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Techniques & Tools Spectroscopy, Technology, Clinical

Ready or Not…

Biomedical Raman spectroscopy has developed rapidly in recent years, with numerous studies demonstrating its potential for improving medical diagnostics. 

We are working on two big medical fields of application where Raman spectroscopy offers great chances to fulfill currently unmet medical needs. One is in infectious diseases where it can be used to determine the host response (to define viral, fungal, or bacterial infection) and in case of bacterial infection enable the rapid identification of the causing bacteria and its antibiotic resistance profile. The second big field of application is intraoperative spectral histopathology in terms of tumor boundary detection, staging, and grading. To translate Raman spectroscopy into clinics, surgical microscopic or endoscopic Raman spectroscopy and compact point-of-care Raman setups have been developed in conjunction with clinicians. 

However, despite these great advances, Raman spectroscopy has not yet established itself in the clinic – and there are several reasons as to why. One is a lack of reliable tools for the automated analysis of Raman spectra. After all, the success of Raman spectroscopy in biomedical diagnostics is inextricably linked to the development of tailored algorithms for evaluating Raman measurement data (for example, spectral data sets and image data) into qualitatively and quantitatively usable information for end users.

Until recently, the main methods used were based on classical machine learning, but now as the number of Raman datasets and biomedical Raman studies increases, the application of deep learning approaches using neural networks is rapidly entering Raman spectroscopy and becoming increasingly important. And with the growth of AI, we could be on the cusp of a powerful synergy that incorporates both AI and deep learning in Raman spectroscopy. This combination could be the missing link necessary to ensure Raman is routinely used for clinical applications.

Some hurdles remain. As a community, we are not entirely ready to embrace this technology – far from it, in truth. But I am hopeful that we are open to studying the performance of AI in biophotonics and spectroscopic diagnostics. Recently, I have been reading more manuscripts reporting on automated analysis of biophotonics data – for example, ophthalmic OCT datasets using deep learning – which looks promising.

Undoubtedly, AI will be a game changer. In a few years, it will be indispensable in many fields – and certainly digital pathology. Whether this is good or bad remains to be seen, because, as with many things, AI offers not only benefits but also dangers, which justifies the hesitation of the community.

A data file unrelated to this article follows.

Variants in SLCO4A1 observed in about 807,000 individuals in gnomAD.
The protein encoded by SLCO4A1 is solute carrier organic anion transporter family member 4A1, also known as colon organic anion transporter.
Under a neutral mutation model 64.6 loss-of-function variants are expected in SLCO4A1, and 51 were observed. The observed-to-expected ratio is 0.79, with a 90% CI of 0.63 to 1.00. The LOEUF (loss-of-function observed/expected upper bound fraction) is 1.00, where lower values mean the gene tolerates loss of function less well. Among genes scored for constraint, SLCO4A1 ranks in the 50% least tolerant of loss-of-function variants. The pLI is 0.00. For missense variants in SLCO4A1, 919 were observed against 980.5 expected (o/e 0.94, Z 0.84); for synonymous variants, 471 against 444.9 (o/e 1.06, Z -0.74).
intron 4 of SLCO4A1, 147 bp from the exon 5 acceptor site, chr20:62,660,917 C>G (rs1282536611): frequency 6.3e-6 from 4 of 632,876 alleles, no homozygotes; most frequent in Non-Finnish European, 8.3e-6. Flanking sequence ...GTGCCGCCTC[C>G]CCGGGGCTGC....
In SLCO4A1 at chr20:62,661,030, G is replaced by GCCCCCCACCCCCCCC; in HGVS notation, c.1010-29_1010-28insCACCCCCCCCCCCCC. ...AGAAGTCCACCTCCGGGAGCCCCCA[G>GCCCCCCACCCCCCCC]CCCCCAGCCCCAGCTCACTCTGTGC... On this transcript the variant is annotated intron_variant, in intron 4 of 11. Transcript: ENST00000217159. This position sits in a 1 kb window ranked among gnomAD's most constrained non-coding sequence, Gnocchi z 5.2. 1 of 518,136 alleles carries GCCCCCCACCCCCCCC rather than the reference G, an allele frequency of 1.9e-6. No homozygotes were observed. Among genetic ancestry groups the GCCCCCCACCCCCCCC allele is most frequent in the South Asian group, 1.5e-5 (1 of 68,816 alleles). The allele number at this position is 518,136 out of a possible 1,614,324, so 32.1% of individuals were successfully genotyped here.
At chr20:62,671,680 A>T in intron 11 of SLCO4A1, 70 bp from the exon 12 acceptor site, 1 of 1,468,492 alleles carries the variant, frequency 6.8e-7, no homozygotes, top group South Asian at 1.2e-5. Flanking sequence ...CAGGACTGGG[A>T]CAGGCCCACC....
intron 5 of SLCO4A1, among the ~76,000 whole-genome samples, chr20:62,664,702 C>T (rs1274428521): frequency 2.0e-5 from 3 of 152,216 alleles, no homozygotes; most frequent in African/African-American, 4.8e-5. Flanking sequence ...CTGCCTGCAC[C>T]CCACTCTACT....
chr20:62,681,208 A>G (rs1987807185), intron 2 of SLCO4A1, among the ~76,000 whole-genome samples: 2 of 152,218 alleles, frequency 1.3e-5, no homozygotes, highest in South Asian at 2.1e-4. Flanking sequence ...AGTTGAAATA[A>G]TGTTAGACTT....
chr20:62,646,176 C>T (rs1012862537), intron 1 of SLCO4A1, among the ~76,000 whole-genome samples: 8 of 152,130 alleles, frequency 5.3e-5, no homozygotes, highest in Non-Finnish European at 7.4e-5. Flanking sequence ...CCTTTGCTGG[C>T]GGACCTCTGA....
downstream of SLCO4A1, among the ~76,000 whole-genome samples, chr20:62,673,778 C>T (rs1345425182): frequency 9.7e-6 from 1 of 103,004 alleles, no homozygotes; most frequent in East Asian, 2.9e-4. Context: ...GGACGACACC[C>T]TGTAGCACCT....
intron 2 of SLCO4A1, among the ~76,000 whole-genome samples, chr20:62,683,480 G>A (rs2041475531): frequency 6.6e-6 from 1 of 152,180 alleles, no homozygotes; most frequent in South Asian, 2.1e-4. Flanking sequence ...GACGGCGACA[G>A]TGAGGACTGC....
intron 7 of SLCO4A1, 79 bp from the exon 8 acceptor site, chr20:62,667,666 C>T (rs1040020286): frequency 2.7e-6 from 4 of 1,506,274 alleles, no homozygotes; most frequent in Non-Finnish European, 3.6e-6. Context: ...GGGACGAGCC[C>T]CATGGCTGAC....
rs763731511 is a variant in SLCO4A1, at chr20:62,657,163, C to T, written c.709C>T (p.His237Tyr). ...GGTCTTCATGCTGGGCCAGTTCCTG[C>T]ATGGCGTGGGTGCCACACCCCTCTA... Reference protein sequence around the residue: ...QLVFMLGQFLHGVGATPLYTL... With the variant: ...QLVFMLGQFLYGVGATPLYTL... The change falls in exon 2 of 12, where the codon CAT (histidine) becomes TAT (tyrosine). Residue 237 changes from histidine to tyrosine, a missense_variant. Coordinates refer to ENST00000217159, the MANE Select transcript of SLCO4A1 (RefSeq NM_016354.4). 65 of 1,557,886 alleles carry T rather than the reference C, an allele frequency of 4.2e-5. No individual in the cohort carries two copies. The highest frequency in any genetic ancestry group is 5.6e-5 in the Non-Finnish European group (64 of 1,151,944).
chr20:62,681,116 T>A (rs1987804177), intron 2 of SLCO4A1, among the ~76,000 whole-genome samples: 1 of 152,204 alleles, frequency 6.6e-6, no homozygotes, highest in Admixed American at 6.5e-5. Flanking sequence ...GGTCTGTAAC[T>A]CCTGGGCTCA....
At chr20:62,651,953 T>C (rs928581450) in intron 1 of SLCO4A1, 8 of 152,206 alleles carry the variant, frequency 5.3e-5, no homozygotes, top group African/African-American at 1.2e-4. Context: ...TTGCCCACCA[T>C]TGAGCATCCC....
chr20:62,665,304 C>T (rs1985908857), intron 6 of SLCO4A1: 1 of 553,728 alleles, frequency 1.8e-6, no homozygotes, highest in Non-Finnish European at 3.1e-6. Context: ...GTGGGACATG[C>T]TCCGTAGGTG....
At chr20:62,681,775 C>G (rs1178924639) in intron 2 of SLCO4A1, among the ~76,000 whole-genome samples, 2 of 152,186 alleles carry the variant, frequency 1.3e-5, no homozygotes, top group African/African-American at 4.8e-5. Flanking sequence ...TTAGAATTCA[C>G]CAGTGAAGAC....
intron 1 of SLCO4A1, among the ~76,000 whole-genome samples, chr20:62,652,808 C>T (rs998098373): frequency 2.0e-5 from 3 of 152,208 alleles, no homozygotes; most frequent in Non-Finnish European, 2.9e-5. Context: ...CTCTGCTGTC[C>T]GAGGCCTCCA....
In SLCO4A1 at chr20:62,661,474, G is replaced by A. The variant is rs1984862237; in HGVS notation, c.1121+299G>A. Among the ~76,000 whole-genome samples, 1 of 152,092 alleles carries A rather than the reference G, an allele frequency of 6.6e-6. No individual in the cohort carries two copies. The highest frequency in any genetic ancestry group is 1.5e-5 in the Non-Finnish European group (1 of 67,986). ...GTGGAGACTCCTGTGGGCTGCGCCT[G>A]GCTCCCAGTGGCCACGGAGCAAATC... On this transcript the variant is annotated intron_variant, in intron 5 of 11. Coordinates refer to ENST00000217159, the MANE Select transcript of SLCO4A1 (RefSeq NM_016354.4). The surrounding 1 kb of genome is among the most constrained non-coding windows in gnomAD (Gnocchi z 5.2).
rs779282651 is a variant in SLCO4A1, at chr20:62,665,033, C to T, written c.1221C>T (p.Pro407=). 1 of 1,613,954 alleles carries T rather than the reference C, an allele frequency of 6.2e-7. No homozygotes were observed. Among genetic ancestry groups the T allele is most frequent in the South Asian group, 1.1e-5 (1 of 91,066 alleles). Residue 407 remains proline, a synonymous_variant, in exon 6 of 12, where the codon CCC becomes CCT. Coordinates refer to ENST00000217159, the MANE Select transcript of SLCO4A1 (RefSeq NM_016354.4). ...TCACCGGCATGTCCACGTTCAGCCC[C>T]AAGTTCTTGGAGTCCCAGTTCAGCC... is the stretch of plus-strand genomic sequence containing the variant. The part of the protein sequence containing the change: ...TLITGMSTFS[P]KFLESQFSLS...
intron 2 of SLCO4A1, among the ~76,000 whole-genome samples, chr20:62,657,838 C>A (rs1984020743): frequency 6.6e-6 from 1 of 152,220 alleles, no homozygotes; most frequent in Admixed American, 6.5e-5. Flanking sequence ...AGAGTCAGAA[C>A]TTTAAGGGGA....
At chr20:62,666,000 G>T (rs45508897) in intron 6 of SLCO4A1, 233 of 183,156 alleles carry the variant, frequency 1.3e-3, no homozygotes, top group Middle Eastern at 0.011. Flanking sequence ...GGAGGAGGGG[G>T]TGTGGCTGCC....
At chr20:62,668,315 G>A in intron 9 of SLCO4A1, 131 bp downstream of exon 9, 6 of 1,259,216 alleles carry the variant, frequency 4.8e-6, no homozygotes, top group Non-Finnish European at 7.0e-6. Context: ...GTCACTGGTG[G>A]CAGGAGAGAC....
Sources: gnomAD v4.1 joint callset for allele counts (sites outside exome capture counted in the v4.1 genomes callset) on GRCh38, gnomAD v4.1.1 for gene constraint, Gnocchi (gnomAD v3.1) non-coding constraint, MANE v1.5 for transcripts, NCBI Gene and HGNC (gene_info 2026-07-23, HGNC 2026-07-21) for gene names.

One concern in using AI in general and deep learning approaches for image analysis and Raman spectral analysis is the foundation on which the analysis is based – something that can be elusive. It is often the case that one does not know the origin of an AI algorithms’ decision. Therefore, it is important to approximate and understand AI tools in order to make them interpretable and understandable for humans.  

Of course, the application of AI – not only in medicine – always raises the question of liability. The legal foundations must be laid here in the near future, because I am certain that AI will play a major role in our daily lives in the future. 

This spectroscopic-AI synergy is undeniable and could set the foundation to integrate this fruitful combination of Raman spectroscopy and AI into clinical settings. From a technological point of view, the stage is set and clinically applicable – and medical approved Raman equipment is available. There may be hurdles to overcome before AI’s full potential in clinical research can be reached. But the time is ripe to finally start clinical trials with large patient cohorts showing the great possibility of deep learning in terms of automatically interpreting Raman spectra. However, there are still regulatory hurdles to overcome such as compliance with the EU Medical Device Regulation (MDR) 2017/745 in Europe.

Image Credit: Supplied by Interviewee

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About the Author
Juergen Popp

Scientific Director of the Leibniz Institute of Photonic Technology, and holds a chair for Physical Chemistry at the Friedrich-Schiller University Jena, Germany

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